Hours after the attack on Manama's main Pearl Square, the military announced a ban on gatherings, saying on state TV that it had "key parts" of the capital under its control.
After several days of holding back, the island nation's Sunni rulers unleashed a heavy crackdown, trying to stamp out the first anti-government upheaval to reach the Arab states of the Gulf since the uprisings in Tunisia and Egypt. The move was a sign of how deeply the Sunni monarchy -- and other Arab regimes in the Gulf -- fear the repercussions of a prolonged wave of protests, led by members of the country's Shiite majority.
Tiny Bahrain is a pillar of Washington's military framework in the region. It hosts the U.S. Navy's 5th Fleet, which is a critical counterbalance to Iran. Bahrain's rulers and their Arab allies depict any sign of unrest among their Shiite populations as a move by neighboring Shiite-majority Iran to expand its clout in the region.
But the assault may only further enflame protesters. In the wake of the bloodshed, angry demonstrators chanted "the regime must go" and burned pictures of King Hamad bin Isa Al Khalifa outside the emergency ward at Salmaniyah hospital, the main state medical facility.
The hospital was thrown into chaos by a stream of dozens of wounded from Pearl Square with gaping wounds, broken bones and respiratory problems from tear gas. Men and women lay in shock on stretchers, heads bleeding, arms in casts, faces bruised as they were shuttled around by nurses. At the entrance, women wrapped in black robes embraced each other and wept.
The capital Manama was effectively shut down Thursday. For the first time in the crisis, tanks and military checkpoints were deployed in the streets and army patrols circulated. The Interior Ministry warned Bahrainis to stay off the streets. Banks and other key institutions did not open, and workers stayed home, unable or to afraid to pass through checkpoints to get to their jobs.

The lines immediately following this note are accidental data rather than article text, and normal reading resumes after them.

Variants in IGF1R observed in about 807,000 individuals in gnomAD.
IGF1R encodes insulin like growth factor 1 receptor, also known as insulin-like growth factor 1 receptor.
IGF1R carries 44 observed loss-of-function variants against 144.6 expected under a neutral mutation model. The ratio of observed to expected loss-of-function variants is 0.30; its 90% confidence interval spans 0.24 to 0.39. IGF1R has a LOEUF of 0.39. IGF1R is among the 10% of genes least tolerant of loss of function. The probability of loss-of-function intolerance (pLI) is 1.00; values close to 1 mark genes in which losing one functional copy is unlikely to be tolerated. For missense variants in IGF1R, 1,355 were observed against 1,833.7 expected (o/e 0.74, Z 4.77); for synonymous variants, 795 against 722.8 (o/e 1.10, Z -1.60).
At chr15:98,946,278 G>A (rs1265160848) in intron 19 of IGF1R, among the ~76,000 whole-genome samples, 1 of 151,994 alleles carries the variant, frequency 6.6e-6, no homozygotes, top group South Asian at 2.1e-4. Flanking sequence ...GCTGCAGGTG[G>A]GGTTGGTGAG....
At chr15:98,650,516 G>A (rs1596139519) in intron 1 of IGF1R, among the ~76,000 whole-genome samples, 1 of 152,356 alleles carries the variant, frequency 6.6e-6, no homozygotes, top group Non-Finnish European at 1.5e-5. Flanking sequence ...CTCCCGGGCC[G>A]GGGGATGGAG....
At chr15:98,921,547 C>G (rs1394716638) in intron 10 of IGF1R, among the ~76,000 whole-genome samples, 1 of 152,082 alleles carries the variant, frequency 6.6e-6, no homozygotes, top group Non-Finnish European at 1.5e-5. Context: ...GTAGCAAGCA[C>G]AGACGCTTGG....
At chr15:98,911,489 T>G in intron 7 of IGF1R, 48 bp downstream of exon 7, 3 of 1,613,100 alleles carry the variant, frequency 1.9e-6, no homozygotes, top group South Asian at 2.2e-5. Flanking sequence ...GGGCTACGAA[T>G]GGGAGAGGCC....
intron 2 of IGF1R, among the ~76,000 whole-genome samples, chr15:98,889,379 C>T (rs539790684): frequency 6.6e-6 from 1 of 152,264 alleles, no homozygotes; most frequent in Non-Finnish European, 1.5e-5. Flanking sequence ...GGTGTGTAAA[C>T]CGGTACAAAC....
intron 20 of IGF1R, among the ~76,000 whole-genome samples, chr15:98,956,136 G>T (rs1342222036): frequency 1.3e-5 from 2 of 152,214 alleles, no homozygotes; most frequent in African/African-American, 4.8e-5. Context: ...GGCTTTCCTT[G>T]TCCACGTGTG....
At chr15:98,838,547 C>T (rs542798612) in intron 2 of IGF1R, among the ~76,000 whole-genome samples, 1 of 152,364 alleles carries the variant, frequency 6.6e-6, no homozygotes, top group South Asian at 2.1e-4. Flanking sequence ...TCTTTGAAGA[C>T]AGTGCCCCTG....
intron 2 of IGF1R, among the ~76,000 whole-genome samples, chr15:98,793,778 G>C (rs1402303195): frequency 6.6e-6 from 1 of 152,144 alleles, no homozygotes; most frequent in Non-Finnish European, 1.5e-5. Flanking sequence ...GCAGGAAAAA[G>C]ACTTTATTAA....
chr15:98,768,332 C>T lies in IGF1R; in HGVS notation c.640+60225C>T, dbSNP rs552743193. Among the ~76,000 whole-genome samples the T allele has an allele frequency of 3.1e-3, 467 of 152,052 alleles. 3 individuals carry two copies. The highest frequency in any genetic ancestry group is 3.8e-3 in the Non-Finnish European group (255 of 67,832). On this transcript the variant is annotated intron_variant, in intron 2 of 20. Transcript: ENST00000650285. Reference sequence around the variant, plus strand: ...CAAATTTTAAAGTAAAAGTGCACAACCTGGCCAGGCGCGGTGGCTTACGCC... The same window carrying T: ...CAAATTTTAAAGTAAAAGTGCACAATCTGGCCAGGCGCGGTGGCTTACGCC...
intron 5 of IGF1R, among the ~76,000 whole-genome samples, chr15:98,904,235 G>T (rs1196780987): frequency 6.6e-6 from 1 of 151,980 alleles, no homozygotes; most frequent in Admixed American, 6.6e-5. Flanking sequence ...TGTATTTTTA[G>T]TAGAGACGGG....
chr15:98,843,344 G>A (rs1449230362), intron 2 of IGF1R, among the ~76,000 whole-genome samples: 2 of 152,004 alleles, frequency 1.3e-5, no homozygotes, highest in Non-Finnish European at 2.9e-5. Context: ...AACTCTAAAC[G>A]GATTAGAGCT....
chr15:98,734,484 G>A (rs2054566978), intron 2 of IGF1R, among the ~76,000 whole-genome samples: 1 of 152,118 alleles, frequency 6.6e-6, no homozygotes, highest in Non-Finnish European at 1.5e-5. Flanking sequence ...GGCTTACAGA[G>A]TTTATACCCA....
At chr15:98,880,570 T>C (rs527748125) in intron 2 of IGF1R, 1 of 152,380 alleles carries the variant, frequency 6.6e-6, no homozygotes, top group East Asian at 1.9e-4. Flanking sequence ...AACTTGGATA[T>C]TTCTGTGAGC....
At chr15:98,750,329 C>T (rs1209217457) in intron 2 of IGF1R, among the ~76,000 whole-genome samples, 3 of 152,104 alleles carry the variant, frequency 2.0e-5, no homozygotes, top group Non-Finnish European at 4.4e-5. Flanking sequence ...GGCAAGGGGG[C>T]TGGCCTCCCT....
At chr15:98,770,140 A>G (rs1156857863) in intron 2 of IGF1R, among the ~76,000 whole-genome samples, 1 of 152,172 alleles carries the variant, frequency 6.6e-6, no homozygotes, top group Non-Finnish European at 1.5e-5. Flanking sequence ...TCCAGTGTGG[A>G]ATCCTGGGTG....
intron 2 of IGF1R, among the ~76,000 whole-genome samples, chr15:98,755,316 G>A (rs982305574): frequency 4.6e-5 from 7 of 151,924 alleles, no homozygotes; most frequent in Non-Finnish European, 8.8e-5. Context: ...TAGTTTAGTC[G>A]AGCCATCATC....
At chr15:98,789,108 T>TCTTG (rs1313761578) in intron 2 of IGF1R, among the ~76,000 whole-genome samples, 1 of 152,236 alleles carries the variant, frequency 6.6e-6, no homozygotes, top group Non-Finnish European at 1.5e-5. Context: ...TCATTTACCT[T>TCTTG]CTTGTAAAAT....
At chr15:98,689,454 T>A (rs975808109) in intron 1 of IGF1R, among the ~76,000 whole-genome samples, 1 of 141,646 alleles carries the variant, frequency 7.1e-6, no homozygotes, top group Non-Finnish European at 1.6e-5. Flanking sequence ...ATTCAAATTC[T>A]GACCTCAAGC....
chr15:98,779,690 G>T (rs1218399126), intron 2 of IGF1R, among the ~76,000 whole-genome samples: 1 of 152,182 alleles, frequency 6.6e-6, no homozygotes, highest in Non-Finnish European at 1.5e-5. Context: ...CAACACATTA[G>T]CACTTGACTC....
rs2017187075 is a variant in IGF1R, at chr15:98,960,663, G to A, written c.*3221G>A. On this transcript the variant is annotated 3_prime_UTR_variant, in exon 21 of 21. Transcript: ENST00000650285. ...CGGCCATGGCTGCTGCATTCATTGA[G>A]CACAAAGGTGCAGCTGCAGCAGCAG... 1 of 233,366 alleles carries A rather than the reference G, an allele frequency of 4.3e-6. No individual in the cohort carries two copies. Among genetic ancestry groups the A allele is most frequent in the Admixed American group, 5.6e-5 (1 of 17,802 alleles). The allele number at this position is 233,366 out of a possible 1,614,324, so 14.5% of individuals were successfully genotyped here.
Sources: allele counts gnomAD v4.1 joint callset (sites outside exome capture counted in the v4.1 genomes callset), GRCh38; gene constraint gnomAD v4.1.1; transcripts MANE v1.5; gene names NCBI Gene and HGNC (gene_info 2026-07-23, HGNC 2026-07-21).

Barbed wire and police cars with flashing blue lights encircled Pearl Square, the site of anti-government rallies since Monday. The square was turned into a field of flattened protest tents and the strewn belongings of the protesters who had camped there -- pieces of clothing and boxes of food. Banners lay trampled on the ground, littered with broken glass, tear gas canisters and debris. A body covered in a white sheet lay in a pool of blood on the side of a road about 20 yards (meters) from the landmark square.
Demonstrators had been camping out for days around the square's 300-foot (90-meter) monument featuring a giant pearl, a testament to the island's pearl-diving past.
The protesters' demands have two main objectives: force the ruling Sunni monarchy to give up its control over top government posts and all critical decisions, and address deep grievances held by the country's majority Shiites who make up 70 percent of Bahrain's 500,000 citizens but claim they face systematic discrimination and are effectively blocked from key roles in public service and the military.
The assault came early Thursday with little warning, demonstrators said. Police surrounded the square and then quickly moved in: Some lined up on a bridge overhead, pumping down volleys of tear gas, as others waded into the camp, knocking down tents and swinging truncheons at those inside.